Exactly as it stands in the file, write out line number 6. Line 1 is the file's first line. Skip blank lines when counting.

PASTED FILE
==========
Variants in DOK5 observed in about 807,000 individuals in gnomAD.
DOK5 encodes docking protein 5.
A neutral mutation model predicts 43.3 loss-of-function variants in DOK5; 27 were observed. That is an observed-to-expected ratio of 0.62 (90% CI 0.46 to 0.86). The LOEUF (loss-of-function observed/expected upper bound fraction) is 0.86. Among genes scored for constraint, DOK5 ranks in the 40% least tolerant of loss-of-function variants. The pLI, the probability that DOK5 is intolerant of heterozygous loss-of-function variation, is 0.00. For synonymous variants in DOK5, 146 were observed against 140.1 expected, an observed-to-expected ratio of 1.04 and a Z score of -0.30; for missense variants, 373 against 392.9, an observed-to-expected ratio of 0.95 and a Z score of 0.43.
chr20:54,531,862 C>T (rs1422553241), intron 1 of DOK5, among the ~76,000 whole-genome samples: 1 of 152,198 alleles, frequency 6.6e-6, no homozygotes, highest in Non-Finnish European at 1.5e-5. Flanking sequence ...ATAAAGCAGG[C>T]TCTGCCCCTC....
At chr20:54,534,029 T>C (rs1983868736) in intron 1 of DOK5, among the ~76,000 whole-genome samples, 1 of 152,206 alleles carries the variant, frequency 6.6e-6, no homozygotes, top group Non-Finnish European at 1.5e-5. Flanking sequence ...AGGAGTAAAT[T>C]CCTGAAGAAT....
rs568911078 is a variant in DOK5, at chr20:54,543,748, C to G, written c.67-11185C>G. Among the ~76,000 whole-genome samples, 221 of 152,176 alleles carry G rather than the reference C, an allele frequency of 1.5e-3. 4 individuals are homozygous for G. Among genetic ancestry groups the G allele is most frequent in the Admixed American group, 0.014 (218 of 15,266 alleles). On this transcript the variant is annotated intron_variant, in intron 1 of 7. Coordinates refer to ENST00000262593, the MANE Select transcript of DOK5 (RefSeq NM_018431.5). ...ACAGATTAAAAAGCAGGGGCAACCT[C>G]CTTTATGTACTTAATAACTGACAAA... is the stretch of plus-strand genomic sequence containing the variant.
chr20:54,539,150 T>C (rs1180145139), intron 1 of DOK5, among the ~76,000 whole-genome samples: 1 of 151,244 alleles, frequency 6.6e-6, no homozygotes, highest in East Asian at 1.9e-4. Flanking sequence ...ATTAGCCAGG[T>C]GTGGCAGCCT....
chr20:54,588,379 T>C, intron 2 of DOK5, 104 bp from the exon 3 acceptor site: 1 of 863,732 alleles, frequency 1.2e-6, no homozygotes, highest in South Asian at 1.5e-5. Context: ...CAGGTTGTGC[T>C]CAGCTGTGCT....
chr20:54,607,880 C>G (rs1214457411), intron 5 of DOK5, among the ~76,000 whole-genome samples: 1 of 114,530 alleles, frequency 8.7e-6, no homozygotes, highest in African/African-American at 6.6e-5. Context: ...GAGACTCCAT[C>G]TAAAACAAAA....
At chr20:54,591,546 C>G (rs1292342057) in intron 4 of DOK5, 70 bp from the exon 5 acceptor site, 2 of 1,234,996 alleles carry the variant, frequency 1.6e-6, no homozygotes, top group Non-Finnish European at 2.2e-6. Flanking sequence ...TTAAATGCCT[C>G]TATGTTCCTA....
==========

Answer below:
rs568911078 is a variant in DOK5, at chr20:54,543,748, C to G, written c.67-11185C>G. Among the ~76,000 whole-genome samples, 221 of 152,176 alleles carry G rather than the reference C, an allele frequency of 1.5e-3. 4 individuals are homozygous for G. Among genetic ancestry groups the G allele is most frequent in the Admixed American group, 0.014 (218 of 15,266 alleles). On this transcript the variant is annotated intron_variant, in intron 1 of 7. Coordinates refer to ENST00000262593, the MANE Select transcript of DOK5 (RefSeq NM_018431.5). ...ACAGATTAAAAAGCAGGGGCAACCT[C>G]CTTTATGTACTTAATAACTGACAAA... is the stretch of plus-strand genomic sequence containing the variant.